The sales process used to be fairly simple, generating data that was easy to visualize and track. But ecommerce changed all that. Today, an online purchase generates a storm of data that can be used to improve sales performance—if you know how to harness it. Large companies have understood this and invest in exploiting that data. Small businesses can reap the benefits from this information as well, although they have to be a bit more nimble in doing so, given their limited human and financial resources. Here are a few ideas for how small businesses can go beyond simply monitoring data and turn it into a competitive advantage, especially for identifying actions during key sales periods.
Finding patterns in data starts with monitoring activity, but it doesn’t end there. The key to making the most of data is to look for patterns: What are your customers buying? How are they finding it? Are they coming back? How much are they spending? Can you get them to spend more, and more often?
It helps to think of sales and marketing processes in terms of funnels. You might send 1,000 emails for a campaign that result in 10 recipients buying something. What happens along the way and why, is crucial to helping you determine what to change in your process in order to better respond to your customers.
Here’s an example of a typical email campaign funnel:
- You send 1,000 past customers an email promoting your holiday sale.
- Of the 1,000 sent, 980 are delivered by your email service.
- Of the 980 delivered, 325 are opened by past customers.
- Of the 325 opened, 40 click on a product link in the email.
- Of the 40 that clicked, 35 add a product to their shopping cart.
- Of the 35 that add products to their shopping cart, 8 follow through with the purchase.
Having data about each “narrowing” of the funnel helps you understand where problems may be occurring and where to focus your efforts and resources.
To a see a real shift in business requires consolidating the data gathered from monitoring, analyzing the results over time, and testing variations on strategy to see what happens. Any time is the perfect time to start gathering and analyzing data, but the holiday season is a particularly good time because it’s such a heavy-hitting time of year and ideally you’ll want to improve your performance each year.
It helps to have a goal in order to determine if what you’re doing is working and if it’s even right for your business. For example, are you trying to increase traffic? Boost sales? Reduce customer service calls? In order to test and monitor for these goals, you’ll want to establish a set of key performance indicators, or KPIs, to guide your analysis. Here are a few ideas to get you started thinking about what KPIs to focus on:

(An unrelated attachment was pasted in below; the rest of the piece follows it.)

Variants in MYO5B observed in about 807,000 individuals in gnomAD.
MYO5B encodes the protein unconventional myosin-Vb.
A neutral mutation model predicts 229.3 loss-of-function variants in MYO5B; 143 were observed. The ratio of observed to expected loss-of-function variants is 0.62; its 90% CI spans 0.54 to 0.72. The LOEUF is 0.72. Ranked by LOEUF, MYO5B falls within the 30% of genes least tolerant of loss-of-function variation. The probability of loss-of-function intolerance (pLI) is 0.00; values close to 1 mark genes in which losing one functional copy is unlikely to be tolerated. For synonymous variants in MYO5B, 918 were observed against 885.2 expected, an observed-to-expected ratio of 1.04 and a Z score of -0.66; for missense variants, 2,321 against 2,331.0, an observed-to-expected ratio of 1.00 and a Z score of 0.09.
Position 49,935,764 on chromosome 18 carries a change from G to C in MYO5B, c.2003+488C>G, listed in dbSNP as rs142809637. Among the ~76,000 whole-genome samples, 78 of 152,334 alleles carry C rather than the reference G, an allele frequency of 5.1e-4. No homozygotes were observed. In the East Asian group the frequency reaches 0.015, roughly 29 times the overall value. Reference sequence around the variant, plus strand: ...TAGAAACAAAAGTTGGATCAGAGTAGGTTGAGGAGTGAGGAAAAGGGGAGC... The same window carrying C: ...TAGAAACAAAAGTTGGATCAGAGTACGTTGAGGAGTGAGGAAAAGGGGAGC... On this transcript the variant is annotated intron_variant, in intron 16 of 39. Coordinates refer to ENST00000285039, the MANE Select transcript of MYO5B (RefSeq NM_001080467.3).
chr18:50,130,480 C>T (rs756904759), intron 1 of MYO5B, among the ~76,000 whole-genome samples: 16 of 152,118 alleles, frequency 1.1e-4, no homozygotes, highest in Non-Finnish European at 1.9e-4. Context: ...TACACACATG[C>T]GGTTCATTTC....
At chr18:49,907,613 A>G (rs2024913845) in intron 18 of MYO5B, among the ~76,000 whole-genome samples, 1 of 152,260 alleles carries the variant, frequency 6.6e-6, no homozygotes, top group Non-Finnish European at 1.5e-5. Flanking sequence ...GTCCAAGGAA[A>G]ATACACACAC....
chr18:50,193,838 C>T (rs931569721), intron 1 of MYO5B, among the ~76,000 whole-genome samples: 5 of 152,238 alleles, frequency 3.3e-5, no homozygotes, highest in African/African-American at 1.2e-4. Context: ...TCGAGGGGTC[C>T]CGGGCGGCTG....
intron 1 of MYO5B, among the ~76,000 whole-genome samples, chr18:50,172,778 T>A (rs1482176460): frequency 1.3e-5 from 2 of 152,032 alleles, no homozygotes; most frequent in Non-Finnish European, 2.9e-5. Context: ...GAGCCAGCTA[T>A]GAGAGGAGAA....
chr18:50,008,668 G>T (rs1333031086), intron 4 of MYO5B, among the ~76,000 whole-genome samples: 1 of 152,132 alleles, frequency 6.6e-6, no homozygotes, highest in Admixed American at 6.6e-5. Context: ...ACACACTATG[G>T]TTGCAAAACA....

Goal: Increase Site Traffic 25%
KPIs: site traffic, sources, click-through rates, social shares, bounce rates.
Goal: Increase Sales 10%
KPIs: Daily sales, conversion rate, site traffic
Goal: Increase conversions 5%
KPIs: Conversion rate, shopping cart abandonment rate, competitive price trends.
Test your ideas
Split testing is a small business owner’s best friend. Once you’ve decided what your goal is and what KPIs you’re going to focus on, you can start getting scientific about how you’re going to get there. Start by identifying different page layouts for product pages and split testing them to see what resonates most with your customers. You can do the same thing with email campaigns and social media projects.
Here are a few examples of things to test on your website:
- Product images
- Product descriptions
- Call to action button text
- Call to action button position
Google Trends is a great place to start identifying what’s relevant in your market via the volume and popularity of searches in your field. This can inform your business from a supply and demand perspective, but also give you ideas for content and specific wording to test throughout your site, email campaigns and social media actions.
Tools and resources
You might be thinking, okay, monitoring and analyzing is great, but how do I manage all that information? Google Analytics is a great place to start. You can run your split tests through their “experiments” function to see which changes work and which don’t. The results are not always what you’d expect, which is why it’s so interesting to perform this kind of test. Having all your data consolidated in one place is also necessary if you’re going to draw any useful conclusions.
You should also think about how you’re going to divide your marketing budget between customer segments. While acquisition should be an important part of your marketing budget, returning customers are actually more valuable in the long run. They are more likely to refer your brand and draw viral attention to it. You can invest in them by sending simple gifts, getting in touch with them via phone or email, or following up with special offers or coupons. By dividing your customers into segments (returning and new) you can test these initiatives and see what spurs repeat spending and increased spending.
Social media creates a lot of data, but it can be difficult to tell what is driving conversions and what is giving you longer term visibility without necessarily resulting in immediate conversions. Facebook Insights and a platform like Hootsuite for Twitter can help you get a handle on these numbers and evaluate your activities on social media. The PrestaShop Addons marketplace features a variety of modules designed to give merchants insight into their marketing efforts, including on social media.
Data can be an incredible competitive advantage for small businesses that understand how to use it. Setting goals, identifying KPIs and regularly testing are the first steps to better data management. Resources like Google Trends, Google Analytics and social media tools like Hootsuite all provide free or low-cost ways to manage data, so there’s no reason to wait to start gathering and analyzing your data!